Film: Looper

The cast/crew bit: written/directed by Rian Johnson, starring Joseph Gordon-Levitt, Bruce Willis & Emily Blunt

The ten-word synopsis: 2044: a futuristic assassin has to assassinate his future self.

We are living in a post-Inception world. Ever since Christopher Nolan not just got the backing to make possibly the most ambitious film of the last ten years, but also made it a success, studios have been clamouring to find ‘the next Inception’. Last year we saw the likes of The Adjustment Bureau and we’ve only just been hit by Total Recall, which was a pretty desperate attempt to cash in on the sudden interest in smart action movies. Neither of these matched either the box-office or critical success of the Nolan film, with the dream-bending masterwork looking further and further out of reach. Not so much anymore. Rian Johnsons’ Looper is the first of the new breed of smart sci-fi thrillers to not only match Inception blow-for-blow, but to also surpass it with a few sneaky hits of its own.

Let’s leave the comparisons for a moment, though, as Loopers’ plot is an original concoction dreamt up by Johnson before he’d even directed his first feature, 2004’s Brick. Set in 2044, Joseph Gordon-Levitt (Who was also in Inception) plays Joe, a Looper. While time travel still hasn’t been invented in 2044, 30 years later, it will have been, and will immediately be outlawed, as Joe explains to us in the films’ opening segment. The mobs are the only people using time travel and so, when they want to make somebody “Disappear”, they simply send them back in time to a specific spot, at a specific time, where a Looper shall be ready and waiting for them with a blunderbus, a specific type of gun used to take out targets at close range. The most important rule of being a Looper is that you never, ever let your target get away. Unfortunately, this is just what Joe does one day, after a target appears without the customary sack on their head, and Joe realises that this particular target is himself. To go any further is to dabble our feet in the waters of spoilers, and trust us, you want to go into Looper as clean as possible.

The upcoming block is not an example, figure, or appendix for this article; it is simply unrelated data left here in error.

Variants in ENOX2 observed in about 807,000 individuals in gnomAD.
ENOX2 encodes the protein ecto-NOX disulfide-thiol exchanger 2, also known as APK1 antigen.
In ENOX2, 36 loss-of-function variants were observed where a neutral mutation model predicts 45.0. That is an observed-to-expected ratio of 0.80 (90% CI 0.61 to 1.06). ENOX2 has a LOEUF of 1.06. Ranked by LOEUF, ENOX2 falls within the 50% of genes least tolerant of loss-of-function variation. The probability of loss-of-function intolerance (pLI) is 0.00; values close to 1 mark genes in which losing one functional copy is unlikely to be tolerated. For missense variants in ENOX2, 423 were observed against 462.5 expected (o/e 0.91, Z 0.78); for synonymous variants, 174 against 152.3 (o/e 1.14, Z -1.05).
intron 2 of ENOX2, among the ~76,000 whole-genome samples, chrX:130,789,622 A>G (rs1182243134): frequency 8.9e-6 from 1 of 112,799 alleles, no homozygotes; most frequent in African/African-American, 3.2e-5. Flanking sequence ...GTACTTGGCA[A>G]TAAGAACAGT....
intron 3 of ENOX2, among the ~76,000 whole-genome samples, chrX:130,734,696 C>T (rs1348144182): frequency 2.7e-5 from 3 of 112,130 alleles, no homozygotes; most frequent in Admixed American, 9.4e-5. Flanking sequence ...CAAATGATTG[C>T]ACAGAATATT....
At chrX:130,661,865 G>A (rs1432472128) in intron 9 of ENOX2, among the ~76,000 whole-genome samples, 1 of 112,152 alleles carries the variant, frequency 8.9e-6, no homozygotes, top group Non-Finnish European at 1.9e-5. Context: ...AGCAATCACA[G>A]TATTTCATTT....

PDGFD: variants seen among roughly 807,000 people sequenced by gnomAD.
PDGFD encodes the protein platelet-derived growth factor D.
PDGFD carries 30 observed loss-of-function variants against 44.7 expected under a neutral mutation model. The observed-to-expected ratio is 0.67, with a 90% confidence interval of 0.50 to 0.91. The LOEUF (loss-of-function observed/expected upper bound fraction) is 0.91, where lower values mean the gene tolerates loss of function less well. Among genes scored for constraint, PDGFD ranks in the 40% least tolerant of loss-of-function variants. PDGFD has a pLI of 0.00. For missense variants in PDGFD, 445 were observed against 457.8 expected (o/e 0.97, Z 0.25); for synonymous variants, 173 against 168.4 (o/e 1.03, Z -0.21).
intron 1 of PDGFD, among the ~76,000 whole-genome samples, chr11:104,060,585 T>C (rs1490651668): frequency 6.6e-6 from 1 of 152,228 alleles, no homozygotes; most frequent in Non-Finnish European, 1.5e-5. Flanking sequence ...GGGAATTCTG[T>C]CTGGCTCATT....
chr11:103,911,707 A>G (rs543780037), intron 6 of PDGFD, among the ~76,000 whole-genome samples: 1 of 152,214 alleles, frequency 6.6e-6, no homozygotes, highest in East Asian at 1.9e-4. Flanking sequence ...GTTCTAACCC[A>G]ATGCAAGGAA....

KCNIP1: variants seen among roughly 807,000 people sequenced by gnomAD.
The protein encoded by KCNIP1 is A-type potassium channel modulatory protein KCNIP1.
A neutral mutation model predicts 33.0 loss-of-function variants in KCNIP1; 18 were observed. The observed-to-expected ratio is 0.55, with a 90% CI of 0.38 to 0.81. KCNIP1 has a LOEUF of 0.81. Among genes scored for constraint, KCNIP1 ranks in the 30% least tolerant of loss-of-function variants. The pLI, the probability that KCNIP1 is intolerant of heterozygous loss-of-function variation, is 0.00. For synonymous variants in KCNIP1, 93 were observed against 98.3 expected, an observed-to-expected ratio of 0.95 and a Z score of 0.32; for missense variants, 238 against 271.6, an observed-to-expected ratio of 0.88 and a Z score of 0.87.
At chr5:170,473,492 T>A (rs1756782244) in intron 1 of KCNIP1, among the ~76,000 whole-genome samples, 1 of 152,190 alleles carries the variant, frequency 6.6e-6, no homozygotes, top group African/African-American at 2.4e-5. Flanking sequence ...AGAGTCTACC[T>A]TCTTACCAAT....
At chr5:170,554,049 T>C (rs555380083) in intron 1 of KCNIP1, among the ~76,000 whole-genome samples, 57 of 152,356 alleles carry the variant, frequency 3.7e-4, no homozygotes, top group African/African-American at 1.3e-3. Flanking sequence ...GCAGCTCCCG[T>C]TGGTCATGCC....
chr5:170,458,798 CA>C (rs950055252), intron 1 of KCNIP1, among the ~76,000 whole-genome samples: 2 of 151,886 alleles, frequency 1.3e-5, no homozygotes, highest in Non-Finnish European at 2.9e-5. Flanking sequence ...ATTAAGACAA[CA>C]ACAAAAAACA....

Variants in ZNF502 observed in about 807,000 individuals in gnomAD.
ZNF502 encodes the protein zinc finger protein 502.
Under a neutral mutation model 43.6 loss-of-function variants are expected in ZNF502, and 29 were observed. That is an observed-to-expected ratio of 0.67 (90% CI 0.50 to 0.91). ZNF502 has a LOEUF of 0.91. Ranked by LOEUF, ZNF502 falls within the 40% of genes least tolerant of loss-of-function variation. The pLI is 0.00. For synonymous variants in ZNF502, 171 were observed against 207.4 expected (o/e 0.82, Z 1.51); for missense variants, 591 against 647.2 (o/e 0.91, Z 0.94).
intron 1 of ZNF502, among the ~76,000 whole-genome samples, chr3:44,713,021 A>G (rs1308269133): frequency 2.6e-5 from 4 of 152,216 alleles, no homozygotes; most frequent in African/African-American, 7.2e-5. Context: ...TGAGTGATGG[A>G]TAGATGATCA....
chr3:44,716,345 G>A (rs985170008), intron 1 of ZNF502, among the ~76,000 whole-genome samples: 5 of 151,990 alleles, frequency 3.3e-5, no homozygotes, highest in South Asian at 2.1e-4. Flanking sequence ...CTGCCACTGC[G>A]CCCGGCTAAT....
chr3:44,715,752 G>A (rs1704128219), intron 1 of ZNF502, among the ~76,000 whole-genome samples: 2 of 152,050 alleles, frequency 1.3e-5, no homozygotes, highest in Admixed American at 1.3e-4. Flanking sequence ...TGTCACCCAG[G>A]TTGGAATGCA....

Older Joe is played by Bruce Willis, who continues to cement his place as an actual, high-quality actor as well as the big name people expect. Gordon-Levitt spends the whole film caked in make up to make him look more like Willis, which is surprisingly effective. More than this, though, he has Willis’ nuances nailed down to a tee, doing the trademark raised-eyebrow-smirk better than the man himself. I’m a big fan of the man affectionately known as JGL, as proven at this link, and he puts in another stellar performance here. At the heart of Looper is not a sci-fi movie, but a character study, and Gordon-Levitt plays to this. He gives his character scope and presence that very few other actors could manage, even with the same terrific script. (Oh, and Emily Blunt is also great from the moment she turns up, almost an hour in)